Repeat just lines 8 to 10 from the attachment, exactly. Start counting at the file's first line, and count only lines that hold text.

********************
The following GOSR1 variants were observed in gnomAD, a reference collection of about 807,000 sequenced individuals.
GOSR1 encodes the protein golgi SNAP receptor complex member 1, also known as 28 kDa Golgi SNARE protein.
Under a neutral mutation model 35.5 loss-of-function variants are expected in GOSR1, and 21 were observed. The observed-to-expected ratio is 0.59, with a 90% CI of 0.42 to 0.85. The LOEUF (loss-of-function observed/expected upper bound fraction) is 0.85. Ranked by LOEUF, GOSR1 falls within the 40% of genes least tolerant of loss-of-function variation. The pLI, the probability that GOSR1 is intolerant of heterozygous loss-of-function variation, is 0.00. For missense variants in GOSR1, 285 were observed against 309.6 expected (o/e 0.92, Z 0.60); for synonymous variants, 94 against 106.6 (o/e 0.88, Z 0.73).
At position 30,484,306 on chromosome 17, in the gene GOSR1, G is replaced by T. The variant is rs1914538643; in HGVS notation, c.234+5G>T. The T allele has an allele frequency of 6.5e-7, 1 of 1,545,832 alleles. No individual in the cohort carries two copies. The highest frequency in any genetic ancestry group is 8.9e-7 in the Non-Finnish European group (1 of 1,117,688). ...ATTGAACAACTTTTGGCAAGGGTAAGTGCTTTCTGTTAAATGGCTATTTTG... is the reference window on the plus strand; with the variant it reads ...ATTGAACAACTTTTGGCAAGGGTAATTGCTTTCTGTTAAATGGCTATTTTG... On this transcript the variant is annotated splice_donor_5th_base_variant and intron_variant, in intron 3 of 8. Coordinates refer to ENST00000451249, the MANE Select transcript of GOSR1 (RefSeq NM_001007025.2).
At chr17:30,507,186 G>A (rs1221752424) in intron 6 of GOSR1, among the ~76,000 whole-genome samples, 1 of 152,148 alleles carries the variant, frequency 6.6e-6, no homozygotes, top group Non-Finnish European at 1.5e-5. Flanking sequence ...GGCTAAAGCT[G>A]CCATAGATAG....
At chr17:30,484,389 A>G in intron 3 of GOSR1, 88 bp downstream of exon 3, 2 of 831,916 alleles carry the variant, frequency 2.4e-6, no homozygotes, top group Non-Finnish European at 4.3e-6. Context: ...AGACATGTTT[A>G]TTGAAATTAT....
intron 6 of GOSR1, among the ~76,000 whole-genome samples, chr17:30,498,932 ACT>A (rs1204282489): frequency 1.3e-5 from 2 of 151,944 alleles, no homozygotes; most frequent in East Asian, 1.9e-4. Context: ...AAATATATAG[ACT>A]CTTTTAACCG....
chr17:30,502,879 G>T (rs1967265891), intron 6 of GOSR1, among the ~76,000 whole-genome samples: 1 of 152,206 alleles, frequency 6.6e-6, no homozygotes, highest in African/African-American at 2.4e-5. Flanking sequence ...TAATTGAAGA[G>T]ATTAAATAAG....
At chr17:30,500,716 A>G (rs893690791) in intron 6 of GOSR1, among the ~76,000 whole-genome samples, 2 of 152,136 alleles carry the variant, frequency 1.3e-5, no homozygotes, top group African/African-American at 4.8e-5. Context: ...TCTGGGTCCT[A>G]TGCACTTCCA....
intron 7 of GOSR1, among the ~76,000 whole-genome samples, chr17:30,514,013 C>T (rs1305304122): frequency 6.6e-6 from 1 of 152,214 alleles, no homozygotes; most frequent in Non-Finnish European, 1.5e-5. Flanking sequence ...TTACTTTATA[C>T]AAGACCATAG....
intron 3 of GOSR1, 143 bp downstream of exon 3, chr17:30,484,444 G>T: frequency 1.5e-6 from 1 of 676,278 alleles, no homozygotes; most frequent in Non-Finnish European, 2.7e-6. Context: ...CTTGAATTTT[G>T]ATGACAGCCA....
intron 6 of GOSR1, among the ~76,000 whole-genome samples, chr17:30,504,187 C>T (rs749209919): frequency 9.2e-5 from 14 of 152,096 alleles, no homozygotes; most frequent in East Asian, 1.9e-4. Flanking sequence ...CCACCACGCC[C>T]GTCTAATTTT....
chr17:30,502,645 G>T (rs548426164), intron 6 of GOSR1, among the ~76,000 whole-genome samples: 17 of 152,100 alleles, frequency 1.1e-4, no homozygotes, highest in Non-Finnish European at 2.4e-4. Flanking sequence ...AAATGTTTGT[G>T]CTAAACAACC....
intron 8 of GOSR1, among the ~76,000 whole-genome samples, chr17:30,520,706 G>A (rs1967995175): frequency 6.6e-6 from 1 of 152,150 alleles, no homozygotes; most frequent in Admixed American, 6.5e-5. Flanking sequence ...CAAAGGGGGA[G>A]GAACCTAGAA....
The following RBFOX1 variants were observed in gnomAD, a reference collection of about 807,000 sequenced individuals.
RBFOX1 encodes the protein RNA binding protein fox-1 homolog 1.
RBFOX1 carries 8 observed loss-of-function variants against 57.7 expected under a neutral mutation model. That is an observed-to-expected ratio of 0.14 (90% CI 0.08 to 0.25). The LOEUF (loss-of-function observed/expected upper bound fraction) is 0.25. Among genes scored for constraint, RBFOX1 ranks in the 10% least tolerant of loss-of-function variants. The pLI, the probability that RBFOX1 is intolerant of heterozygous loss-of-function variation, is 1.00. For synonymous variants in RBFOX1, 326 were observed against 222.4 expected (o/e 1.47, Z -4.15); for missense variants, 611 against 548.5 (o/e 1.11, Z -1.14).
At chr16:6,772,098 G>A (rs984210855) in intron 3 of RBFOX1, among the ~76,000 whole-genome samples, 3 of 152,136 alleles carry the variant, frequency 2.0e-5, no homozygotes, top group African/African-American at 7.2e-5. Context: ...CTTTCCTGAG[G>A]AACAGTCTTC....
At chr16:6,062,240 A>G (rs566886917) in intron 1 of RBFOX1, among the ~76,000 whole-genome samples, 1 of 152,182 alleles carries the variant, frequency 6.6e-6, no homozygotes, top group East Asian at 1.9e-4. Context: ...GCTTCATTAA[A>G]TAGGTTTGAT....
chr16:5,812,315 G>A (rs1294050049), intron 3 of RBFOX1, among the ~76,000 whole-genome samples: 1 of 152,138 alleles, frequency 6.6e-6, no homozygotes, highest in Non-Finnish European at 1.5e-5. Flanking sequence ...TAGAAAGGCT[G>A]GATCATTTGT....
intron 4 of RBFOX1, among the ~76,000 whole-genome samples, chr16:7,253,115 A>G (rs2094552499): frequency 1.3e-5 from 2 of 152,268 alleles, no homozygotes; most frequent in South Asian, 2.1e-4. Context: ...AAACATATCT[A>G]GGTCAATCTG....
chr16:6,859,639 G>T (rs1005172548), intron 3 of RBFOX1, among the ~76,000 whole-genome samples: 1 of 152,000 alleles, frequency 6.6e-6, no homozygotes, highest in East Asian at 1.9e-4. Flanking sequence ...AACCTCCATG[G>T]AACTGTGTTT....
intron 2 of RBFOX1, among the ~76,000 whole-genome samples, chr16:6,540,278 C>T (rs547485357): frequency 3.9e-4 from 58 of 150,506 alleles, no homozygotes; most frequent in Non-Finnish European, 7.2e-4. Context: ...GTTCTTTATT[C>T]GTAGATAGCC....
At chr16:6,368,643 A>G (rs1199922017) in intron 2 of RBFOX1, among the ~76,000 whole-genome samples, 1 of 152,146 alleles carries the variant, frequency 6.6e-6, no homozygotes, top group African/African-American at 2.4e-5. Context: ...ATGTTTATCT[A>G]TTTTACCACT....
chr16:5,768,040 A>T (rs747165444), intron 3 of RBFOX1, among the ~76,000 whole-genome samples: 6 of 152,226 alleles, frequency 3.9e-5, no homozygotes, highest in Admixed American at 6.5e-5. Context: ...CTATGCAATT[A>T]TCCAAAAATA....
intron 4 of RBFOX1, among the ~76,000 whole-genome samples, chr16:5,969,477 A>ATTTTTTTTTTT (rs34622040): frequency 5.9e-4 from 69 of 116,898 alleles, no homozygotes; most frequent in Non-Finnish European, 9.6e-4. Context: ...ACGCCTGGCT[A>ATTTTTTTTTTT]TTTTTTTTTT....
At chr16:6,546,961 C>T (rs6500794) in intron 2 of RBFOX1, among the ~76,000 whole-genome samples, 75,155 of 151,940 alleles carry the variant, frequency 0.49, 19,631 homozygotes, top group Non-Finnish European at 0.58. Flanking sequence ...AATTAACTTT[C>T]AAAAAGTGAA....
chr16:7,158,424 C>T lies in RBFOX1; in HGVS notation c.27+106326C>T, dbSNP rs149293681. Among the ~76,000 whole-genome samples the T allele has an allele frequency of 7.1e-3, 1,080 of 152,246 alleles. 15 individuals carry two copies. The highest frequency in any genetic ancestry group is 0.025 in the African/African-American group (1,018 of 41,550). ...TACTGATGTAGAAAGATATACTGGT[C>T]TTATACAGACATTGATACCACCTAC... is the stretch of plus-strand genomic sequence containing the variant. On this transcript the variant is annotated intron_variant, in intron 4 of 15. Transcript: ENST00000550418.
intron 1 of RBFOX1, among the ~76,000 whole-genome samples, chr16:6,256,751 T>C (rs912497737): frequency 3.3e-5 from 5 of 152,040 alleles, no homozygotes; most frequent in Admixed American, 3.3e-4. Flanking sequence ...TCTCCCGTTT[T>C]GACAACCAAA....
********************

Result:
chr17:30,502,879 G>T (rs1967265891), intron 6 of GOSR1, among the ~76,000 whole-genome samples: 1 of 152,206 alleles, frequency 6.6e-6, no homozygotes, highest in African/African-American at 2.4e-5. Flanking sequence ...TAATTGAAGA[G>T]ATTAAATAAG....
At chr17:30,500,716 A>G (rs893690791) in intron 6 of GOSR1, among the ~76,000 whole-genome samples, 2 of 152,136 alleles carry the variant, frequency 1.3e-5, no homozygotes, top group African/African-American at 4.8e-5. Context: ...TCTGGGTCCT[A>G]TGCACTTCCA....
intron 7 of GOSR1, among the ~76,000 whole-genome samples, chr17:30,514,013 C>T (rs1305304122): frequency 6.6e-6 from 1 of 152,214 alleles, no homozygotes; most frequent in Non-Finnish European, 1.5e-5. Flanking sequence ...TTACTTTATA[C>T]AAGACCATAG....